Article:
Zacatecas, Mexico, prepares for homecoming migrants
This article was originally on a blog post platform and may be missing photos, graphics or links. See About archive blog posts.
The central Mexican state of Zacatecas -- half of whose population lives in the United States -- is preparing to welcome an expected influx of Mexicans returning home from el Norte in the wake of the financial crisis currently gripping the U.S.
Amalia Garcia, governor of the state, announced yesterday that migrants returning home from the U.S. will receive medical attention and financial support until they’re reintegrated into the work force.
As we reported Monday, some in Mexico are predicting that as many as 350,000 nationals could return -- both voluntarily and by force -- as a result of the economic crisis in the U.S.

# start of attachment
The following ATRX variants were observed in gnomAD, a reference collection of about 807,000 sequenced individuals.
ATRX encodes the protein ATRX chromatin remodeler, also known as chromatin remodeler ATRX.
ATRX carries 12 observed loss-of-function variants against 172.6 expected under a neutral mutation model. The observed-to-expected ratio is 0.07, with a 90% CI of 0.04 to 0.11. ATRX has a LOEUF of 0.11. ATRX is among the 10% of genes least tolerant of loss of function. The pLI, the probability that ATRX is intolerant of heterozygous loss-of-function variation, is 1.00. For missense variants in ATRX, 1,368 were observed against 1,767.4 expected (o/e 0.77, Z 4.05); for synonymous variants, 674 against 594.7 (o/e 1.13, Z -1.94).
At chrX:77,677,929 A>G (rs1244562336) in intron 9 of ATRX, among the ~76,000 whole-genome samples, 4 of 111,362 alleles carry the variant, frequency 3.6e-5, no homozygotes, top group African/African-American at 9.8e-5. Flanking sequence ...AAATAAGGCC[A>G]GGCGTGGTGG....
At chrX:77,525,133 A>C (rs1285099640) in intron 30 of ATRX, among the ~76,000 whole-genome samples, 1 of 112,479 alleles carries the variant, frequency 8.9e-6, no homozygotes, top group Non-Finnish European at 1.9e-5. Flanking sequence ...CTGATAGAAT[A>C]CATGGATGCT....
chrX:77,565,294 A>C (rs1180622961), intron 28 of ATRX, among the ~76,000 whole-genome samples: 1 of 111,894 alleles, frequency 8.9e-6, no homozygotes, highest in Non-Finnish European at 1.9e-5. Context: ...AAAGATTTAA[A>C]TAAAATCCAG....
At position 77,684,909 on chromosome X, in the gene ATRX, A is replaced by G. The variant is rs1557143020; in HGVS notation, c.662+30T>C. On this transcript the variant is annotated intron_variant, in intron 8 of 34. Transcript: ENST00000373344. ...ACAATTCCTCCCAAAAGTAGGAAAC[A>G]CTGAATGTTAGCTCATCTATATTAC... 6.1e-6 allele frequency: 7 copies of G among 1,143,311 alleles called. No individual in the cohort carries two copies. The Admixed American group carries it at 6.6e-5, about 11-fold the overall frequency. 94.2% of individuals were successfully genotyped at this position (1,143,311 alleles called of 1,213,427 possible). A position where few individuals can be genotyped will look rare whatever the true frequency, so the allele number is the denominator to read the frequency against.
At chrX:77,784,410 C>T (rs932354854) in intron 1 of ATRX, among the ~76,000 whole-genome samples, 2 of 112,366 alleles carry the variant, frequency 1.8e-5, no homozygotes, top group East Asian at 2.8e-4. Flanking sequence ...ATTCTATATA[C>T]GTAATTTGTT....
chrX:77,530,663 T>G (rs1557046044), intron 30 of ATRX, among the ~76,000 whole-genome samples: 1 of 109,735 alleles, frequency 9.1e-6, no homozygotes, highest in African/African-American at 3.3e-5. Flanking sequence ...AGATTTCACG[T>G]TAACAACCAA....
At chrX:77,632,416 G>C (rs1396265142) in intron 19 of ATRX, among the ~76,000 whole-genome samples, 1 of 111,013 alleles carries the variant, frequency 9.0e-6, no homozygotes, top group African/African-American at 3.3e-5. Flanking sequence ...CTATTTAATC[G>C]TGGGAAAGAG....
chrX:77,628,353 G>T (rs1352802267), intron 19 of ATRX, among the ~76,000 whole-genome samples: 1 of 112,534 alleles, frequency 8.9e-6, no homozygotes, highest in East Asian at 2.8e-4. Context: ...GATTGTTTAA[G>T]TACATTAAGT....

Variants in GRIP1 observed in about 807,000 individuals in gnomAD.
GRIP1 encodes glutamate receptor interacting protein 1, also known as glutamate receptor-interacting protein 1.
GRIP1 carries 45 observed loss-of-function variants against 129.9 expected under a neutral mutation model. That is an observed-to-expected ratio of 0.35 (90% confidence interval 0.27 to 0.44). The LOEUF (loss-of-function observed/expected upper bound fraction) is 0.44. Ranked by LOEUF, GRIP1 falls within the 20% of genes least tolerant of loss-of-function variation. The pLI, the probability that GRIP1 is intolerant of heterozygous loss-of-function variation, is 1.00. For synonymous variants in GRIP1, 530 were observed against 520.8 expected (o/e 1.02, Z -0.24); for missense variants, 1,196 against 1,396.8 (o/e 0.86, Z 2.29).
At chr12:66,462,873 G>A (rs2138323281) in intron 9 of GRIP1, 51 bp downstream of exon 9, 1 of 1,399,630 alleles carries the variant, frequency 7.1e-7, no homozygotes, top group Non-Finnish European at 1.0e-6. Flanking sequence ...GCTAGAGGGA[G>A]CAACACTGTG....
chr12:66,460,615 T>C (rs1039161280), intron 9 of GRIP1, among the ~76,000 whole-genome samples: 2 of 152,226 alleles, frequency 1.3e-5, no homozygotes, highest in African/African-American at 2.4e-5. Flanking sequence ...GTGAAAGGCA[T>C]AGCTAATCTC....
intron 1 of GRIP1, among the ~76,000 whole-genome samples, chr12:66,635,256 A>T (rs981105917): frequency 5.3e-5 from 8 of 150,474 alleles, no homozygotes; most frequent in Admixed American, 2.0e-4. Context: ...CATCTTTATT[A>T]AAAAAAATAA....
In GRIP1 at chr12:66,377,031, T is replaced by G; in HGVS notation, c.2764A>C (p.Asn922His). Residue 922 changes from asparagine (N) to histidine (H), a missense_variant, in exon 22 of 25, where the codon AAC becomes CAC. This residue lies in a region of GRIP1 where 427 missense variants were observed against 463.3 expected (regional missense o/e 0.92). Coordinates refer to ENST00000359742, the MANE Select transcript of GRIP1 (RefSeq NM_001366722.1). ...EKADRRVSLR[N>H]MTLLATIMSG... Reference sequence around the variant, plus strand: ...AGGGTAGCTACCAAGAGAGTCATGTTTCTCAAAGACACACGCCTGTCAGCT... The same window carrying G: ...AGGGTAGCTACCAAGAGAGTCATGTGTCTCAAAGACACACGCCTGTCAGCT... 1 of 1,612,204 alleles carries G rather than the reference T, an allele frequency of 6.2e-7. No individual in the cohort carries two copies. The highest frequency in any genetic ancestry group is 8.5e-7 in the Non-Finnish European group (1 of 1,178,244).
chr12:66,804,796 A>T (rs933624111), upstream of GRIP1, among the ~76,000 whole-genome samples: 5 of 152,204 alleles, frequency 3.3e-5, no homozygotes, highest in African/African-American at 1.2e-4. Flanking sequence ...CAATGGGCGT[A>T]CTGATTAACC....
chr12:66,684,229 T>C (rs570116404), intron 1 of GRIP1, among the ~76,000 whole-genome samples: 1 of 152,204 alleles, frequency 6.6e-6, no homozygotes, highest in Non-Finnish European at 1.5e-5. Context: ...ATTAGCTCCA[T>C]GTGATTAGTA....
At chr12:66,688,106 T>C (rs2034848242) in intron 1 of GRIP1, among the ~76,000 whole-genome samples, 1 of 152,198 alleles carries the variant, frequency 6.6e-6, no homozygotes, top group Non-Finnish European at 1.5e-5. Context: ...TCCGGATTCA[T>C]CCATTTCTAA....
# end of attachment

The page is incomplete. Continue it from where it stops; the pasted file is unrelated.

Garcia said yesterday, quoted here in Milenio: ‘We’ve decided to prepare ourselves for the possible return of migrants. In the first place I decided, along with the cabinet, that families who return to Zacatecas will be able to put their children into education without having to ask for tickets or forms.
‘Secondly, all of them will be attended to by the health services of the state.’
Garcia also promised access to micro-credits and temporary work.
The governor, who was accompanied by President Felipe Calderon’s wife, Margarita Zavala, in the opening of National Health Week, also said that although half of the state’s population has migrated north, Zacatecas is not being as badly affected by the drop in remittances that is hitting Mexico.
Money sent home by migrants living in Mexico fell by 12% in August -- the biggest drop that the country has seen since the Bank of Mexico started measuring the flow of money south.
-- Deborah Bonello in Mexico City